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Authors: Clare Naylor,Mimi Hare

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The First Assistant

BOOK: The First Assistant
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The
First
Assistant

One step u p from
The Second Assistant,
and one step closer to the red carpet

C la re Nay lo r
an d
M im i Ha re

a plume book

THE FIRST ASSISTANT

clare naylor is the author of five previous novels, including
Dog Handling
and
The Goddess Rules.

mimi hare was the director of development for a Hollywood production company where she worked on feature films such as
Jerry Maguire
and
As Good As It Gets
.

Praise for
The Second Assistant

“Your perfect spring fling . . . more fun than stargazing at Spago.”


People

“Make sure it is at the very top of your beach bag.”


Chicago Tribune

“This story of a power agent’s lowly second assistant has a lot of heart to go along with its smarts.”

—Malcolm Jones,
Newsweek

“[A] wicked romp.”


Us Weekly

“A high-spirited sprint.”


The New York Times Book Review

Also by Clare Naylor & Mimi Hare

The Second Assistant

The First Assistant

Clare Naylor

&

Mimi Hare

A PLUME BOOK

PLUME

Published by Penguin Group

Penguin Group (USA) Inc., 375 Hudson Street, New York, New York 10014, U.S.A.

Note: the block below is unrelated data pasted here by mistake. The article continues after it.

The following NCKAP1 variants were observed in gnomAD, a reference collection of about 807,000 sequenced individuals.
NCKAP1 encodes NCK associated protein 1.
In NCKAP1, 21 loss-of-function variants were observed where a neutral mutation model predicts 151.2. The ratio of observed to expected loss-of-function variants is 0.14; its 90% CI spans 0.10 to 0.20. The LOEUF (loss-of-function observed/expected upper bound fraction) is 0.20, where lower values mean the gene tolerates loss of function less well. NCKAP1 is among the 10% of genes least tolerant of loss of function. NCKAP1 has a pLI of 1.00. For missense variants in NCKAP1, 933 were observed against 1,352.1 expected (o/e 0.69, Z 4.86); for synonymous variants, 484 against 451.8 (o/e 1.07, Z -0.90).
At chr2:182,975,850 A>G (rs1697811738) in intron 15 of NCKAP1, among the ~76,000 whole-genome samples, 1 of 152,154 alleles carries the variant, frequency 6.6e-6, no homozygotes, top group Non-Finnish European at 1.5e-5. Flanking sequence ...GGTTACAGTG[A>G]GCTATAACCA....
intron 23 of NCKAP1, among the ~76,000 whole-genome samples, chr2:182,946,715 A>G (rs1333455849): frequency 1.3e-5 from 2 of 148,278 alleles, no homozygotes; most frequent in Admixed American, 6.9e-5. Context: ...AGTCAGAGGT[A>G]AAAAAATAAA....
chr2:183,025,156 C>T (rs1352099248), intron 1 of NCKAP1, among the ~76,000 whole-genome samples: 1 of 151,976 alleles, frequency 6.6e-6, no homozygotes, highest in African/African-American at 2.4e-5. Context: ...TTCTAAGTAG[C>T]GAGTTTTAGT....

Penguin Group (Canada), 90 Eglinton Avenue East, Suite 700, Toronto, Ontario, Canada M4P 2Y3 (a division of Pearson Penguin Canada Inc.)

Penguin Books Ltd., 80 Strand, London WC2R 0RL, England

Penguin Ireland, 25 St. Stephen’s Green, Dublin 2, Ireland (a division of Penguin Books Ltd.) Penguin Group (Australia), 250 Camberwell Road, Camberwell, Victoria 3124, Australia (a division of Pearson Australia Group Pty. Ltd.)

Penguin Books India Pvt. Ltd., 11 Community Centre, Panchsheel Park, New Delhi – 110 017, India Penguin Group (NZ), 67 Apollo Drive, Mairangi Bay, Auckland 1311, New Zealand (a division

of Pearson New Zealand Ltd.)

Penguin Books (South Africa) (Pty.) Ltd., 24 Sturdee Avenue, Rosebank, Johannesburg 2196, South Africa

Penguin Books Ltd., Registered Offices: 80 Strand, London WC2R 0RL, England

Published by Plume, a member of Penguin Group (USA) Inc. Previously published in a Viking edition. Copyright © Clare Naylor and Mimi Hare, 2006

All rights reserved

registered trademark—marca registrada

CIP data is available.

ISBN: 1-4295-2987-3

Original hardcover design by Spring Hoteling

Without limiting the rights under copyright reserved above, no part of this publication may be reproduced, stored in or introduced into a retrieval system, or transmitted, in any form, or by any means (electronic, mechanical, photocopying, recording, or otherwise), without the prior written permission of both the copyright owner and the above publisher of this book.

PUBLISHER’S NOTE

This is a work of fiction. Names, characters, places, and incidents are either the product of the author’s imagination or are used fictitiously, and any resemblance to actual persons, living or dead, business establishments, events, or locales is entirely coincidental.